What Do I Need to Create a Will and Estate Plan?

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You have taken the prudent step of working on your estate plans. You are protecting your children by getting your affairs in order, and are preparing for your first meeting with an estate planning attorney.

Congratulations!

The hardest part is over. You’ve decided to take that first step. But how can you prepare for this first meeting? How can you save time, both for yourself and for your attorney?

Eight Sets of Papers You Should Bring to your Estate Planning Attorney

  1. Information About Your Business(es)

Do you own a part of a business? Or more than one? Bring tax details about the businesses, as well as the locations of each. If they are LLPs, sole proprietorships, family businesses, or S-corporations, your attorney will need to know.

  1. A List of Physical Assets

Upon first meeting, this list does not need to be exhaustive. At this point, this list may be the least important set of this eight. But you will be considering the liquidation value — not the replacement value — of each item for tax purposes. This may include vehicles, jewelry, collections, books, media, furniture, and anything else that is not tied to an account.

  1. Real Estate Documents

You will want to know the outstanding mortgage balance, the current market value, and your ownership interest (i.e. sole ownership, joint ownership, or tenants-in-common). This includes your primary residence, of course, as well as investment property, rental properties, vacation homes, or any other kind of property.

  1. Life Insurance Details

Bring the company name, the account numbers, and the precise death benefit. We also need to make sure your premiums continue to be paid in the event of your injury or incapacitation — just to make sure those life insurance benefits do not vaporize in such a case. Even one missed payment could jeopardize the payout for your beneficiaries.

  1. Your Own Inheritance Information

Are you still receiving funds from a family trust? Are there other family members from whom you may be expecting an inheritance? Whether or not you know for certain that you will be named a beneficiary, you will want to list those potential inheritance possibilities.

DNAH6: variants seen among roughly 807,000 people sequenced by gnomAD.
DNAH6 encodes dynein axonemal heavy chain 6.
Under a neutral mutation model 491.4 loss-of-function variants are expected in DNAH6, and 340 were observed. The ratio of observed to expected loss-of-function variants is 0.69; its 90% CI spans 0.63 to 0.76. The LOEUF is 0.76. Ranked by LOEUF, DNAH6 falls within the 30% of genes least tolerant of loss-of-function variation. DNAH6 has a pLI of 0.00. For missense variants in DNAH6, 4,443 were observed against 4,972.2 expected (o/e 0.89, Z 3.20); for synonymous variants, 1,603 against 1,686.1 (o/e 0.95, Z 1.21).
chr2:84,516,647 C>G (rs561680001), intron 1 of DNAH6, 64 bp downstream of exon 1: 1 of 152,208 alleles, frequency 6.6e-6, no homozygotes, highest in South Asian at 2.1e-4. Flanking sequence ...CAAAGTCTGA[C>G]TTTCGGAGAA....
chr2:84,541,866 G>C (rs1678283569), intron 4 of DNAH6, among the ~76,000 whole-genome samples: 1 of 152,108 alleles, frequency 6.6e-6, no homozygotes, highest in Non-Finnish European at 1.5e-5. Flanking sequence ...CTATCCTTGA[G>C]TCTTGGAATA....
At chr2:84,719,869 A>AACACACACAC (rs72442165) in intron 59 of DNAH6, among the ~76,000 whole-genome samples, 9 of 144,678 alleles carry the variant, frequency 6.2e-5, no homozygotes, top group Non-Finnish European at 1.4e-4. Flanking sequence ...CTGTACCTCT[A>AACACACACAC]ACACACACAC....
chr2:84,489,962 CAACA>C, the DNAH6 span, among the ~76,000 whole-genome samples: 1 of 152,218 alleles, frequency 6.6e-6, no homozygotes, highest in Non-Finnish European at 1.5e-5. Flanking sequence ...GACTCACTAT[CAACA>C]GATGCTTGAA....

1. Retirement Savings Information

Here we are wanting to see where these accounts are held — with employers or financial institutions — as well as the types of accounts these are. While the exact amount is not necessary, it is helpful to know the approximate value of these accounts. . If you have a pension, we need to know about it. If you have a 401[k], an IRA, a Roth, a 457, or anything like that, be ready to list it.

  1. Non-Retirement Assets

The most important thing here is how these accounts are named. Only your name? Shared with a spouse or a sibling? Here we are talking about mutual funds, stocks, bonds, treasury notes, annuities, and good old-fashioned savings and checking accounts.

  1. Family Members’ Profiles

Please bring full contact information — full legal names, dates of birth, nicknames, addresses, phone numbers, email addresses, and more — for anyone you want to name in your estate. Your children, stepchildren, and grandchildren, as well as siblings, cousins, nieces, nephews, parents, and more. And, of course, don’t forget your spouse. Or your former spouses, if that is in your plans.

We wish you the best of luck in your estate planning journey, and again congratulate you on making a smart, considerate, prudent step in caring for your loved ones.

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